August acknowledges that he is an exception and does his best to avoid editorializing. But, because he has seen the world beyond the farms, a person like an intermediary can help the reader contextualize discussions. Although his arguments are lengthy and sometimes circular, women will be able to express their desires, as well as any injustices, through the writing process.
Continue reading: This is a horrifying true story about rape committed in a religious colony. It’s now thought-provoking fiction
Sarah Polley, Director of ‘Women Talking’
Michael Gibson— Orion Releasing
Polley, a director is well-suited to adapt this often complex and talky material. After beginning her career on Canadian TV as an actor for children and later in film, she switched to directing young adults with films that focused on feminine desires. She directed her final feature, the documentary “2012”. Stories we TellAn excavation of her history and her parentage. It explores her childhood, her parents, and how her mom had an affair with her. This she didn’t discover until much later in her adulthood. It is more than anything a portrait of her mother, who has long since passed away. Polley tries unravelling a person that lives only in the past.
Screen adaptation Conversations with Women While the story is very similar, Polley has made some important changes. Toews was less interested in her explaining details of Mennonites and she gets rid August from the role of narrator. Autje (first time actor Kate Hallett), who is one of the youngest members of the group, also has been violated. Polley’s conceit is that Autje is telling the story of the meeting to the unborn child of Ona, played by Rooney Mara. Ben Whishaw plays August, and his view is limited. Polley yields the lens to the female perspective, and Autje’s words that echo over the footage have the poetry of foresight.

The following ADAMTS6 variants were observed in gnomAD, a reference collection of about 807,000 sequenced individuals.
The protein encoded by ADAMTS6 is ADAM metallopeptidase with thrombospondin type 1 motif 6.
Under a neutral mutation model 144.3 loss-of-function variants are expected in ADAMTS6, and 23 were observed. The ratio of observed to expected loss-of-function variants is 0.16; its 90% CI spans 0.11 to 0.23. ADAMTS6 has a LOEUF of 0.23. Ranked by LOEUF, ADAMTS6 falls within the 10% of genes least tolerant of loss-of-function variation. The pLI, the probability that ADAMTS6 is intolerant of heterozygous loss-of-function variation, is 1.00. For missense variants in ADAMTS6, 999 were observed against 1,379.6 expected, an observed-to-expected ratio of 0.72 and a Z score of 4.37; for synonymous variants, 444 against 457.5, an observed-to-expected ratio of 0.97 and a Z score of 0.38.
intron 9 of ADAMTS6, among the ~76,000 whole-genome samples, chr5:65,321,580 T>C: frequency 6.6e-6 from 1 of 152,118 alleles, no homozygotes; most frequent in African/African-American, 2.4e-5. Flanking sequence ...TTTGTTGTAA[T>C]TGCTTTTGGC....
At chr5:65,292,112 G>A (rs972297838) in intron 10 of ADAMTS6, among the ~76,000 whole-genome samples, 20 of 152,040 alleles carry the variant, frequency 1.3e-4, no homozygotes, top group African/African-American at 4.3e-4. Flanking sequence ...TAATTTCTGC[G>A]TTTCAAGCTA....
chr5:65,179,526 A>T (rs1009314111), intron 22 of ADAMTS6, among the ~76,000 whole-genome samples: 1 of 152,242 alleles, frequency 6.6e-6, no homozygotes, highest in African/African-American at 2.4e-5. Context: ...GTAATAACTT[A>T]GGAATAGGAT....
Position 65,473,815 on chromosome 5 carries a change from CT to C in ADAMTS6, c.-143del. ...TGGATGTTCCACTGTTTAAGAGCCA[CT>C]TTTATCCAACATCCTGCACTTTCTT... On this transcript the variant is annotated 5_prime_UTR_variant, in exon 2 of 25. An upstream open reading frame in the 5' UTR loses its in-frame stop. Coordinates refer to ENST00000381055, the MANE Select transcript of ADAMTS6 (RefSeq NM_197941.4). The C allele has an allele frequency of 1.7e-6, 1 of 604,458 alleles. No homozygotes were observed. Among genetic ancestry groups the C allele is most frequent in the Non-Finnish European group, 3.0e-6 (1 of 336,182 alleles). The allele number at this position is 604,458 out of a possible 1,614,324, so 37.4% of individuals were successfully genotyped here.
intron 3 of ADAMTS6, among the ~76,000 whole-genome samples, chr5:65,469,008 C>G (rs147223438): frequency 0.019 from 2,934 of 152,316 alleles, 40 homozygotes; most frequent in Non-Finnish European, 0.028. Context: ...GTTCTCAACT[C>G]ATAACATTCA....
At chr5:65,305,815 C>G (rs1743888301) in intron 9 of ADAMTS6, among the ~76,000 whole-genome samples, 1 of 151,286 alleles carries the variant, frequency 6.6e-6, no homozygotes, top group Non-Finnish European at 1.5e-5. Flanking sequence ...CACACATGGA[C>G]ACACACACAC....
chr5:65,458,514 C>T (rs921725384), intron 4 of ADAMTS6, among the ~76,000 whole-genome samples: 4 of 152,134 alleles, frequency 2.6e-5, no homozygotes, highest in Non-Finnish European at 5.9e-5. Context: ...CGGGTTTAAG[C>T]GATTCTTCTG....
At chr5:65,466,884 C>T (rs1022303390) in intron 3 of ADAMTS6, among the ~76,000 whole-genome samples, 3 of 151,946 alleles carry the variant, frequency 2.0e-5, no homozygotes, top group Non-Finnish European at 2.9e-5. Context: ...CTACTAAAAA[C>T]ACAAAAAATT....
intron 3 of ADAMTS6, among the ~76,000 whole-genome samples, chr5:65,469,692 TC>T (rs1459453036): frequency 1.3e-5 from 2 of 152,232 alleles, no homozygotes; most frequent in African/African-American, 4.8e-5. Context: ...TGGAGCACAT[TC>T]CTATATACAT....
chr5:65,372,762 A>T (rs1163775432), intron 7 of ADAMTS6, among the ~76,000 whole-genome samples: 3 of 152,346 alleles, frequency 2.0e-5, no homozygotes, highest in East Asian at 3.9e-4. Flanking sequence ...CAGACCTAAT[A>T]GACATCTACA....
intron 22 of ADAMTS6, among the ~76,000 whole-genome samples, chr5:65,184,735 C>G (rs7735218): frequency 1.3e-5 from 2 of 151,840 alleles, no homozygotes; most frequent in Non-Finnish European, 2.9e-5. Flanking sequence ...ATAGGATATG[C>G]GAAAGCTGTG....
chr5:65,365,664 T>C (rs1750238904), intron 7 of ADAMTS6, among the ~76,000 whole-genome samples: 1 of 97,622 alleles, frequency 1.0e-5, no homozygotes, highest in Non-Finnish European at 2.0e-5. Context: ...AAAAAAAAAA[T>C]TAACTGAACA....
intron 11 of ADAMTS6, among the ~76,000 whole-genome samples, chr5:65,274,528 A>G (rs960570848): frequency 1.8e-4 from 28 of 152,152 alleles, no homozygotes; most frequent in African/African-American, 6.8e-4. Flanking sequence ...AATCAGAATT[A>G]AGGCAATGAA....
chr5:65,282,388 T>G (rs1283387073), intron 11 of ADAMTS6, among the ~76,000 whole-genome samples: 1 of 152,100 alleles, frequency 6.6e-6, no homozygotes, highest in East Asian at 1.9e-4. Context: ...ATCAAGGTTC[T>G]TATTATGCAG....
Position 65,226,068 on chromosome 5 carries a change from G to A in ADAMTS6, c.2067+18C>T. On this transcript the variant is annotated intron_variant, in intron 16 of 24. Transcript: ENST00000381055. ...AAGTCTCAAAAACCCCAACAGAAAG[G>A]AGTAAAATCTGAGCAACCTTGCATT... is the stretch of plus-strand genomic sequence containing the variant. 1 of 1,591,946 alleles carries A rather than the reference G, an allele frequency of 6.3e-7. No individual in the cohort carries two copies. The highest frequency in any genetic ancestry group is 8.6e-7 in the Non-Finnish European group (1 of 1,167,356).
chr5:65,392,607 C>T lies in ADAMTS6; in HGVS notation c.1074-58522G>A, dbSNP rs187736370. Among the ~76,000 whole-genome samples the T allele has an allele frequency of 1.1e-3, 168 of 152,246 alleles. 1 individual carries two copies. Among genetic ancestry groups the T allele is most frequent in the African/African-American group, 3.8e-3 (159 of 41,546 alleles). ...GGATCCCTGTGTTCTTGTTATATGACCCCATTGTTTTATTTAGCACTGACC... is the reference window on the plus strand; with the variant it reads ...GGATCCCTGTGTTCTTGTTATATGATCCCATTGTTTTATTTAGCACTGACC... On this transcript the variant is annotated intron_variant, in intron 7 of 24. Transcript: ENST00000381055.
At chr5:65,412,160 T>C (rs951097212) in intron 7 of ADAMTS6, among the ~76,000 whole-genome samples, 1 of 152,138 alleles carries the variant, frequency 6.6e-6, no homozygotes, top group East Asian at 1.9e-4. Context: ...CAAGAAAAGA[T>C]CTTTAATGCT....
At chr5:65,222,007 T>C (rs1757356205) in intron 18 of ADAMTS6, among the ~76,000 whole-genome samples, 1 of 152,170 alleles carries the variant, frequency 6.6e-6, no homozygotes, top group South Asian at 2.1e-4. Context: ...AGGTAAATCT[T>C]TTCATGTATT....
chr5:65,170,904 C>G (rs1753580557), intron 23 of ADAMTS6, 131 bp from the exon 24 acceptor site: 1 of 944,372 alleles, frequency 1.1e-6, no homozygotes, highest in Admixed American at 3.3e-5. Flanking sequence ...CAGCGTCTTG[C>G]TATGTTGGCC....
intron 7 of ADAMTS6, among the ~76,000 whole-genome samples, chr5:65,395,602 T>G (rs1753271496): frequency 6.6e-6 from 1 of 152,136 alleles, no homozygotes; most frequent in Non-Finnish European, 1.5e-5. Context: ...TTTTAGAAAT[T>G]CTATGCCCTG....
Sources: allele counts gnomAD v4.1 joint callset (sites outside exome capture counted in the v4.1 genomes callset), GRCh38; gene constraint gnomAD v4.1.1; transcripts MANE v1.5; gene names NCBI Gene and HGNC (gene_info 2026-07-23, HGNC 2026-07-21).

Polley uses a saturated palette of colors to show the aftermath of the rapes only in limited glimpses. It almost seems like Polley is capturing intrusive memories. She prefers to show children in fields, highlighting traumatized people’s collective responsibility. This gives space for the anger that is taking place in the barn. As Ona, Mara is bright and inquisitive; Foy is vengeful as Salome, who fears her own murderous anger; Buckley is cynical as Mariche, who fears what might happen if they don’t forgive the men as they are told. Although the conversations are theological in nature, they also feel very relatable.
There has been some ribbing among critics of the film. Conversations with Women How its forgiveness questions will apply to the current debate involving abusers of women by men. If you want to make that connection, it’s pretty clear what side Polley comes down on, while also allowing room for all the moral complications that can arise from this line of questioning. The film’s inability to avoid getting bogged down in this debate could also distract from the fact that, for all of the pain in the movie Conversations with Women, it’s ultimately a hopeful vision. Whereas Toews’ novel ends on a note of uncertainty, Polley’s work firmly advocates for a better future.
A card at the beginning of the film reads: “What follows is an act of female imagination.” The rapes were blamed on “wild female imagination,” but Polley spins that bit of gaslighting into a mantra. It’s a promise of a world where women’s voices are heard, free from the specter of patriarchy.